Lucas Fink

TOEFL Tuesday: Tips for Reading Faster

The Reading section of the TOEFL is probably the section where the most students have trouble with time. The writing section and speaking section can also be difficult, but reading is notorious. You only get 20 minutes for each text and set of fourteen questions. That means if you take one minute per question, you only have 6 minutes to read the text, and it’s neither short nor easy to read.

So let’s consider the some of the best ways to beat that clock.



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Experiment with different strategies

There are a few ways to approach TOEFL reading, and different strategies take different amounts of time. But not all students should follow the same strategy. What works for one student may be confusing or time-consuming for another student. Experiment to find out the best strategy for you. Here are a few ideas.

  1. Go to question one immediately. After reading the question (and not the answer choices), read the text carefully until you find the area where the question is answered. Then, go back to question one and read the answer choices to find the option that matches the text. After that, read question two and then continue reading the text carefully, in the same process.
  2. Read the whole passage before answering questions. If you are losing time because you are confused by the relationship between text and questions, this might help.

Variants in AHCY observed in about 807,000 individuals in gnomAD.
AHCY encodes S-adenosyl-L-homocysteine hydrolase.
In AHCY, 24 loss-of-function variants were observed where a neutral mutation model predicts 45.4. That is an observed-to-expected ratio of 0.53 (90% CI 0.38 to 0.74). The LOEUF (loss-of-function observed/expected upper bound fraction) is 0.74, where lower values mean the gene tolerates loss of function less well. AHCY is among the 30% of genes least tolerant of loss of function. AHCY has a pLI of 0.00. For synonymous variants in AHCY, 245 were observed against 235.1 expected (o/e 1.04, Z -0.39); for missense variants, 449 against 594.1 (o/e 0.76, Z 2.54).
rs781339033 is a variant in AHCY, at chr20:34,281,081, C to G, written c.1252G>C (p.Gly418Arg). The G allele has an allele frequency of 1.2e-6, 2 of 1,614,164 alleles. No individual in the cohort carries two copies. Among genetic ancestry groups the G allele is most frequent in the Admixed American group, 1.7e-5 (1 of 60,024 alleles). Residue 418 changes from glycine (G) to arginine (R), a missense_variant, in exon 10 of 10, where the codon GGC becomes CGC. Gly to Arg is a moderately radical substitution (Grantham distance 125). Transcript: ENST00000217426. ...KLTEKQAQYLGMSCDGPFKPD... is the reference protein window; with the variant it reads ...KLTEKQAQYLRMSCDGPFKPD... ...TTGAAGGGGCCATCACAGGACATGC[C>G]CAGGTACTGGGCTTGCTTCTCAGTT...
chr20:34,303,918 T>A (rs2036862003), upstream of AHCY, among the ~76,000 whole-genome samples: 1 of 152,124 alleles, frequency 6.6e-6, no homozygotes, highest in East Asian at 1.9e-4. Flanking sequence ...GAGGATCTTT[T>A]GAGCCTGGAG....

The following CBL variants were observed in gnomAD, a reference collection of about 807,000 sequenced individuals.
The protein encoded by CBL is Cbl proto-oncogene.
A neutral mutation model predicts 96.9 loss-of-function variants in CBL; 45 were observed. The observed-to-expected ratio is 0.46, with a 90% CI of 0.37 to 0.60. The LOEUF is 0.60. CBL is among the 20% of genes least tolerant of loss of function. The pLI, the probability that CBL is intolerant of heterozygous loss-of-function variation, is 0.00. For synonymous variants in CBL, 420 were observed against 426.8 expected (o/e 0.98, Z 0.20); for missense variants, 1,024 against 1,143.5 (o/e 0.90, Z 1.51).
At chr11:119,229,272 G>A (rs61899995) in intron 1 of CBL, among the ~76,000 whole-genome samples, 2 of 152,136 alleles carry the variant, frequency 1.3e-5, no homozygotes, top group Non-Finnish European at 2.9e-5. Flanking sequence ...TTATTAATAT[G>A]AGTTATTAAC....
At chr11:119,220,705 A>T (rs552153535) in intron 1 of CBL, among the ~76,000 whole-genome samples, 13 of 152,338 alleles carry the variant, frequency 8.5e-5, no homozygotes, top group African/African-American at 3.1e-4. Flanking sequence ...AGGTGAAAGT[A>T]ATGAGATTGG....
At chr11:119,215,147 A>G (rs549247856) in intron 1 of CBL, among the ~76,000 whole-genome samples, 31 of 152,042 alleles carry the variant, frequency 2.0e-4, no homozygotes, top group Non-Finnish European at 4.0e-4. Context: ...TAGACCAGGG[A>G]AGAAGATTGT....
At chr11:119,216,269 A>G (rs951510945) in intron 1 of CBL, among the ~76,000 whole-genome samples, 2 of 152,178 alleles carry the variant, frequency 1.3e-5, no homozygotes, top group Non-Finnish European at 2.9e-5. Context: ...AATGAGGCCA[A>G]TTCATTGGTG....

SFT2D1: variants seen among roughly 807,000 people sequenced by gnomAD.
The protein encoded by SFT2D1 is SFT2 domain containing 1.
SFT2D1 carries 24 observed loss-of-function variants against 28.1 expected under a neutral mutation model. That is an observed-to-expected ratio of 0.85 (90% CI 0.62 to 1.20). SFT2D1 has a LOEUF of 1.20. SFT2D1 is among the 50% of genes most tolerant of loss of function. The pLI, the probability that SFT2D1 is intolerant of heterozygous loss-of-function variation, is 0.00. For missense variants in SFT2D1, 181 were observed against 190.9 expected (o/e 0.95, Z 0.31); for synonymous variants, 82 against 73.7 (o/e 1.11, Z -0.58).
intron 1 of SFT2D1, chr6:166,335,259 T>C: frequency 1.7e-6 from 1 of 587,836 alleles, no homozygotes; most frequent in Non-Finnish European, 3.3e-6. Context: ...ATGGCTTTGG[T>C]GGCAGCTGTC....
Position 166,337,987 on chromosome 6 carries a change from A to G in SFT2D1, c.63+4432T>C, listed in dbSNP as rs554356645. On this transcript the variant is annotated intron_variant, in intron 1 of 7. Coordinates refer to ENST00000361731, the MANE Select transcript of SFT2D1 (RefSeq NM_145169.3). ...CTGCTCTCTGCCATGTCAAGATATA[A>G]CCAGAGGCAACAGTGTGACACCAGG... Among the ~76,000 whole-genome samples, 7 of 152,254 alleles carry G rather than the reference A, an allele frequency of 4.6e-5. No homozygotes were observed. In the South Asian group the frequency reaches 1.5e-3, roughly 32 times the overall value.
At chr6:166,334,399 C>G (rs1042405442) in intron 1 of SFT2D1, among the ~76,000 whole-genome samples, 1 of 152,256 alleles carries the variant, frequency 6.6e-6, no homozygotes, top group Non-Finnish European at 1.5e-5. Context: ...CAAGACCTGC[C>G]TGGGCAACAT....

3. Read only the first paragraph, then first and last sentence of all other paragraphs before moving on to the questions. This method is not my favorite—simply skipping straight to question one is usually equally effective but faster—but some students prefer it. This way, you have a general understanding of the text’s main ideas before you look at the first questions.
  4. Go through all the questions before you read the text, and answer the vocabulary questions. This is especially helpful if you are on the last passage and have little time left, so you can answer as many questions as possible in the last few minutes.


Predict the correct answer

This is especially helpful for detail, function, reference, and vocabulary questions. If you see the correct answer because it is similar to your predicted answer, you may not need to read the wrong answers so carefully. This requires you to look at the text after reading the question and before you look at the correct answer.


Practice summarizing

This means reading a sentence or paragraph and thinking about the main meaning. Don’t get stuck on individual words. Think instead about the author’s big ideas.


Read as much as possible!

You should be reading in English every day to become more and more comfortable. The more you read, the faster it will become. 🙂



  • Lucas Fink

    Lucas is the teacher behind Magoosh TOEFL. He’s been teaching TOEFL preparation and more general English since 2009, and the SAT since 2008. Between his time at Bard College and teaching abroad, he has studied Japanese, Czech, and Korean. None of them come in handy, nowadays.

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